With safety being a top priority among many organizations looking to return to the office and the COVID-19 vaccine being widely available in the U.S.—vaccination mandates have been adopted at a federal level in order to help combat the virus. As the global COVID situation remains volatile, it’s important to consider what this means for the future of the workplace and for your situation specifically. Whether you’re an organization or employee looking for guidance on how to navigate this new and evolving landscape, here are some trends you should be aware of when it comes to vaccinations for the workplace:
Recently the government mandated that all federal workers be vaccinated, or subject to regular testing by November 22nd of 2021. This now includes contractors that work for the federal government. In addition, that mandate is now expanding to private sector business. Under President Biden’s executive order, OSHA is developing a rule that will carry out the mandate—requiring private employers across the country with 100+ employees to be vaccinated or produce a negative test result weekly. About 80 million workers will be affected. States not covered by federal OSHA rules will need to implement their own programs that are deemed just as effective.
As COVID vaccinations for the workplace are being mandated, vaccination statuses are becoming a hot feature for job seekers to add to their resumes and LinkedIn profiles. While you are certainly not required to disclose this information on your resume or LinkedIn profile, a study by Resume Builder claims 69% of hiring managers were more likely to favor applicants who have been vaccinated over those who haven’t. While qualifications are still the most important facet in landing an interview, this additional upfront information may give job seekers a leg up in the hiring process—especially if the employer requires vaccinations.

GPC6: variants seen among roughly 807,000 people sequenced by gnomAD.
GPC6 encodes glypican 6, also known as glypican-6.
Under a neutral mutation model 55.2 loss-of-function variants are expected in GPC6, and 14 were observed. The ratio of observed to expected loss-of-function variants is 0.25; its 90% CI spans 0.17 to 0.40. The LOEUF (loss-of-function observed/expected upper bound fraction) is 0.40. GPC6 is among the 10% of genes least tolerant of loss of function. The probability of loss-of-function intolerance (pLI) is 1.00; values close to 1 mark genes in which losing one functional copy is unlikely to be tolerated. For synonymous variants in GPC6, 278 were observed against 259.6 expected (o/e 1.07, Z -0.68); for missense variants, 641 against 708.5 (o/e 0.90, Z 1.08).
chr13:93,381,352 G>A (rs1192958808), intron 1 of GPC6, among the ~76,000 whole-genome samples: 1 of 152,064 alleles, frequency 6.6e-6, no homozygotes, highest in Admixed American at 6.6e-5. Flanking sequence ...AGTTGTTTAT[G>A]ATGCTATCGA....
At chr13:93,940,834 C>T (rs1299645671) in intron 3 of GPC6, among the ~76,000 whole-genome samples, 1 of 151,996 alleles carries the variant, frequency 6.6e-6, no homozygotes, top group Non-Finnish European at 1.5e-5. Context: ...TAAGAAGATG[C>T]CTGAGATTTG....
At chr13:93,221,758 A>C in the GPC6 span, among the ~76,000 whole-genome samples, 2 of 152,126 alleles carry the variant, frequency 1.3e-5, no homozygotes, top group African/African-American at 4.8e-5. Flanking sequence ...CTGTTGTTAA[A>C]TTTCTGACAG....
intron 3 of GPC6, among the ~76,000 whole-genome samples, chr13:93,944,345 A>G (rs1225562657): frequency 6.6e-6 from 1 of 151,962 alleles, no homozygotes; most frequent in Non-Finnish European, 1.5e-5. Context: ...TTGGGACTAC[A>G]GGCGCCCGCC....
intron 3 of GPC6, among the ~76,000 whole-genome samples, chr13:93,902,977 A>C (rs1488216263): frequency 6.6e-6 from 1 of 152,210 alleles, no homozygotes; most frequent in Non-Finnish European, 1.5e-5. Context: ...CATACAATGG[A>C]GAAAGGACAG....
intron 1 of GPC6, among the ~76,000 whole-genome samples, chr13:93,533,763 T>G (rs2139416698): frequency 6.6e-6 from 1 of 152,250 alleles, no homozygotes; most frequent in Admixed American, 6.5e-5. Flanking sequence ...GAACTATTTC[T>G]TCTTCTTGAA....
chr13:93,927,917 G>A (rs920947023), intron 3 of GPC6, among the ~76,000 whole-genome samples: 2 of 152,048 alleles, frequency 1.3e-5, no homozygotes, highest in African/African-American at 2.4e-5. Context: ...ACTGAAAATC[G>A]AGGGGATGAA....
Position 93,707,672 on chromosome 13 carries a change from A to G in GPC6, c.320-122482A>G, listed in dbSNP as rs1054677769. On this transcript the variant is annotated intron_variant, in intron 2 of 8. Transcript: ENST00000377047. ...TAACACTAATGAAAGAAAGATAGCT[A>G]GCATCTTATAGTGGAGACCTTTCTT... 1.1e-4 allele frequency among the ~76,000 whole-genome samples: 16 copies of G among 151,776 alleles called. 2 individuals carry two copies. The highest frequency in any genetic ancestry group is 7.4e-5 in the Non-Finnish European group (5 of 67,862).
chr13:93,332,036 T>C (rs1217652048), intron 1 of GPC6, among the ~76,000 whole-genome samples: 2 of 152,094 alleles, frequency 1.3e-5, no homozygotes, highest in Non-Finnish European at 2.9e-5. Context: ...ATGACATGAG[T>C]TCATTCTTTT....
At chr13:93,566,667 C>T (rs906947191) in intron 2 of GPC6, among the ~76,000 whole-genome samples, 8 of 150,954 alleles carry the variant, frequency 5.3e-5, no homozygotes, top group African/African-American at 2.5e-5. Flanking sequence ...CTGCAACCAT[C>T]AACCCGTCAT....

Some ways job seekers are making note of their vaccination status include, adding a vaccination hashtag to their LinkedIn profile headline, updating their ‘About’ section with a short blurb, and/or adding it as an attribute to the top of their resumes.
As an employer, taking note of this feature may make sorting through applicants easier, but means you could also miss out on top talent who are vaccinated, but aren’t up to speed with this new trend or who choose not to be vaccinated for personal reasons but will opt into regular testing. If you require vaccinations for the workplace or would like job seekers to place their vaccination status on their applications, make sure you make this known upfront in the job description to avoid any confusion on your policies.
As we see more people getting on board with COVID vaccine or testing mandates, it’s important to think about the access your employees have to these options. While the U.S. government does mandate that employers have to provide paid time off for COVID vaccinations and recovery from the effects, employers should be thinking about how they can further make these mandates easier on their employees. Whether that be on-site testing and vaccinations or education about where to get a test or vaccine, consider doing what you can to help mitigate employee stress during this transition.
DISCLAIMER: The law and guidance around COVID-19 is evolving frequently. The Execu|Search Group has made every attempt to ensure the accuracy and reliability of the information provided in this article. However, this information is provided for educational purposes only, and nothing on our website constitutes legal advice. We recommend consulting with your legal counsel to ensure your compliance with applicable law.
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